Over 100 killed after typhoon batters Vietnam

By Kayla Costa
10 November 2017

At least 106 people have died over the past days, after Vietnam’s south-central coast was battered by Typhoon Damrey on Saturday. The typhoon was the second major storm to hit Vietnam in the past month, and the twelfth since January.

Typhoon Damrey landed on Saturday with 125 mile per hour winds. It completely destroyed weak residential infrastructure around the tourist hub, Hoi An.

Over the weekend, gale-force winds, floods and landslides damaged at least 116,000 homes, destroying 40,000 of them. Electricity poles were felled in many areas, and trees flung atop buildings and on roads. Six cargo ships capsized along with hundreds of smaller fishing boats.

Although the storm passed within 24 hours, heavy rainfall lingered for several days. The flooding has yet to cease, destroying farmlands and crucial infrastructure. Dozens of reservoirs are reportedly on the verge of overflowing, threatening impoverished villagers and farmers with further catastrophe.

At least 25 people remain missing and 197 have been reported injured. The death toll has risen sharply over recent days and is expected to continue growing. At least 30,000 people have been displaced, and four million people affected.

The death and destruction has led some to brand the typhoon the worst that has hit Vietnam in at least 18 years.

The latest storm follows Typhoon Doksuri, which struck central Vietnam in September. Despite its quick sweep through the region, at least eleven people were killed and more than 190,000 homes damaged. In August, heavy flooding and landslides in the northwestern provinces resulted in 27 deaths and over $45 million in damages.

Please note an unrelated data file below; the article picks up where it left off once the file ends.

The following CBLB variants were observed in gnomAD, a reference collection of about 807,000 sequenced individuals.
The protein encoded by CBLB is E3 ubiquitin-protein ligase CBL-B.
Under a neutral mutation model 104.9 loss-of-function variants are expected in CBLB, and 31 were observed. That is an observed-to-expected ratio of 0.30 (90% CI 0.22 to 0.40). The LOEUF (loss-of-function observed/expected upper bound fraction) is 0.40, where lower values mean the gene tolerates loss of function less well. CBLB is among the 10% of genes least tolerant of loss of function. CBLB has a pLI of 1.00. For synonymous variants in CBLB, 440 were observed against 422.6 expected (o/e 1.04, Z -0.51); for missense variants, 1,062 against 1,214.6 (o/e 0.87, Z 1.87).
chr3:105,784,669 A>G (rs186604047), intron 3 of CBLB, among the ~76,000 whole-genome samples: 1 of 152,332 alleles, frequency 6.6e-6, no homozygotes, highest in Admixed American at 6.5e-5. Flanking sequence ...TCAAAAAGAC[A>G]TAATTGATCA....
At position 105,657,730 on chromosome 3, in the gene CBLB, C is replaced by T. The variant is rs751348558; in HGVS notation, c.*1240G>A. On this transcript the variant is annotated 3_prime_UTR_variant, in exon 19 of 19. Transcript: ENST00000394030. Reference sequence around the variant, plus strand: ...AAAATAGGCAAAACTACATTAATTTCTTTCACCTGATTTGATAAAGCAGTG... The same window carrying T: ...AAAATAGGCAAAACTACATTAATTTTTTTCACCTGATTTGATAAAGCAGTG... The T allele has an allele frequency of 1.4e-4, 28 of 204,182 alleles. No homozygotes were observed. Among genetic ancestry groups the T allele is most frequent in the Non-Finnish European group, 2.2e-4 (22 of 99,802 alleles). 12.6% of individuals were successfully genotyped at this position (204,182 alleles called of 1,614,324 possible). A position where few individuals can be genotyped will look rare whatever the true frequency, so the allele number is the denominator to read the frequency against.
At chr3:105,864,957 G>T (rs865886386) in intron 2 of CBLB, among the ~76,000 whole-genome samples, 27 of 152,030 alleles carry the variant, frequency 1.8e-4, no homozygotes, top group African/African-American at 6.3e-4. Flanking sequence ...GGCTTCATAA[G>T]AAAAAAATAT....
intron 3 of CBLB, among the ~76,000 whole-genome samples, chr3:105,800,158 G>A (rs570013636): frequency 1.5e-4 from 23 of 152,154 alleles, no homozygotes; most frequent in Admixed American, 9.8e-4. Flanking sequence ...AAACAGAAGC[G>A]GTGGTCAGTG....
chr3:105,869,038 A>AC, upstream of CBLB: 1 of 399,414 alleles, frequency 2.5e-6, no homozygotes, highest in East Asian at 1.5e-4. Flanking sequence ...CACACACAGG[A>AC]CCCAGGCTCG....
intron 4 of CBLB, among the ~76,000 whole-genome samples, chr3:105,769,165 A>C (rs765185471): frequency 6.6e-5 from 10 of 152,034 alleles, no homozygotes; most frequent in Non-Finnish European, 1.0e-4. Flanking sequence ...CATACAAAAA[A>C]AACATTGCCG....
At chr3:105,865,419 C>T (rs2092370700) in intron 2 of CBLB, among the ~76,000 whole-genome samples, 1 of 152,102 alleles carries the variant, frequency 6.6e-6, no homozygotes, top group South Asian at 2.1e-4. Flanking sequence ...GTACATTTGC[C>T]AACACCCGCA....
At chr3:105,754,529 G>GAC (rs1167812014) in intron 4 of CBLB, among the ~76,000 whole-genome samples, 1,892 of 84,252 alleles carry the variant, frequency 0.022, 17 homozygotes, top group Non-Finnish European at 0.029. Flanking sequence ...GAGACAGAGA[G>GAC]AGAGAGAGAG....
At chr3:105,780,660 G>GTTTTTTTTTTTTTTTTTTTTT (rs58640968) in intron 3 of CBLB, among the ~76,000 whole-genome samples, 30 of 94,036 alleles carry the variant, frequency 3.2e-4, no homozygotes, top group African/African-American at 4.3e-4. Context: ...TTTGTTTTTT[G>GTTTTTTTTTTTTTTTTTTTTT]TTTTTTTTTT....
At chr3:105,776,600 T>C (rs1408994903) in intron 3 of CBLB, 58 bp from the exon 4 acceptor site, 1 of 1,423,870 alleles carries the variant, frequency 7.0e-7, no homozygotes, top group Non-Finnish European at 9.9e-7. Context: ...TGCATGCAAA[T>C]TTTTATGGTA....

The Vietnam Disaster Management Authority has boasted its response to Typhoon Damrey as a success, citing the 35,000 villagers that were evacuated safely before the typhoon and the 16,000 soldiers who are engaged in recovery efforts.

However, reports from the ground indicated that the victims of the storm were given virtually no warning, and were abandoned by the authorities for days.

In most areas, residents and tourists were given minutes to evacuate. “At first we were given 30 minutes to get out. Later it got more serious and they said we had 15 minutes,” a British tourist in Hoi An told the Sun.

Aid has been slow to reach the most damaged areas, due to blocked roads and ineffective bureaucracy. Nguyen Thi Dung, a local vendor in Hoi An cited by Agence France-Presse said, “Our family spent some days on the second storey of the house, eating only raw instant noodles as the power was cut off.” Other survivors also reported being stranded with nothing to eat, and limited supplies of fresh water.

Hoi An is a popular tourist destination and a UNESCO World Heritage site, just 30 kilometres from Danang, where the Asia-Pacific Economic Cooperation (APEC) summit begins today.

Minimal structural damage was reported within central business districts of Hoi An and Danang. Both have increasingly been developed into wealthier hubs for travel and business. The surrounding rural provinces, on the other hand, have been decimated.